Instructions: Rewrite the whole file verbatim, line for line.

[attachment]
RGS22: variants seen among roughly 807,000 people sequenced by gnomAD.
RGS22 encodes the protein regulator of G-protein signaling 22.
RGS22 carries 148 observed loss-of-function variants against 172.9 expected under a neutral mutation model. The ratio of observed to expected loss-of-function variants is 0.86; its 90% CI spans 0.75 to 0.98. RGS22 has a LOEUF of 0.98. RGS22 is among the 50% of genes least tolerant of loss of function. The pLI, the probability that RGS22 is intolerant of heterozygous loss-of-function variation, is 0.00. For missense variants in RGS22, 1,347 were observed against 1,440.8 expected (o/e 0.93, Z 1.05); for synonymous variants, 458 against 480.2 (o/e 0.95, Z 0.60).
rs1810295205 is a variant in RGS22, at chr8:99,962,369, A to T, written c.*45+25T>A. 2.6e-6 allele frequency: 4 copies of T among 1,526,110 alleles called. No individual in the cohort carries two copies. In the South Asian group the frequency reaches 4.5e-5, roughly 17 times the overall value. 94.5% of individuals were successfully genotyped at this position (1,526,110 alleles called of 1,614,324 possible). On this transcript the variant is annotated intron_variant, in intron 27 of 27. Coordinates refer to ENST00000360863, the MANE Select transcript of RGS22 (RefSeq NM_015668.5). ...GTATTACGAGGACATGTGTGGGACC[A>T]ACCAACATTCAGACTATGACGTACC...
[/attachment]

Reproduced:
RGS22: variants seen among roughly 807,000 people sequenced by gnomAD.
RGS22 encodes the protein regulator of G-protein signaling 22.
RGS22 carries 148 observed loss-of-function variants against 172.9 expected under a neutral mutation model. The ratio of observed to expected loss-of-function variants is 0.86; its 90% CI spans 0.75 to 0.98. RGS22 has a LOEUF of 0.98. RGS22 is among the 50% of genes least tolerant of loss of function. The pLI, the probability that RGS22 is intolerant of heterozygous loss-of-function variation, is 0.00. For missense variants in RGS22, 1,347 were observed against 1,440.8 expected (o/e 0.93, Z 1.05); for synonymous variants, 458 against 480.2 (o/e 0.95, Z 0.60).
rs1810295205 is a variant in RGS22, at chr8:99,962,369, A to T, written c.*45+25T>A. 2.6e-6 allele frequency: 4 copies of T among 1,526,110 alleles called. No individual in the cohort carries two copies. In the South Asian group the frequency reaches 4.5e-5, roughly 17 times the overall value. 94.5% of individuals were successfully genotyped at this position (1,526,110 alleles called of 1,614,324 possible). On this transcript the variant is annotated intron_variant, in intron 27 of 27. Coordinates refer to ENST00000360863, the MANE Select transcript of RGS22 (RefSeq NM_015668.5). ...GTATTACGAGGACATGTGTGGGACC[A>T]ACCAACATTCAGACTATGACGTACC...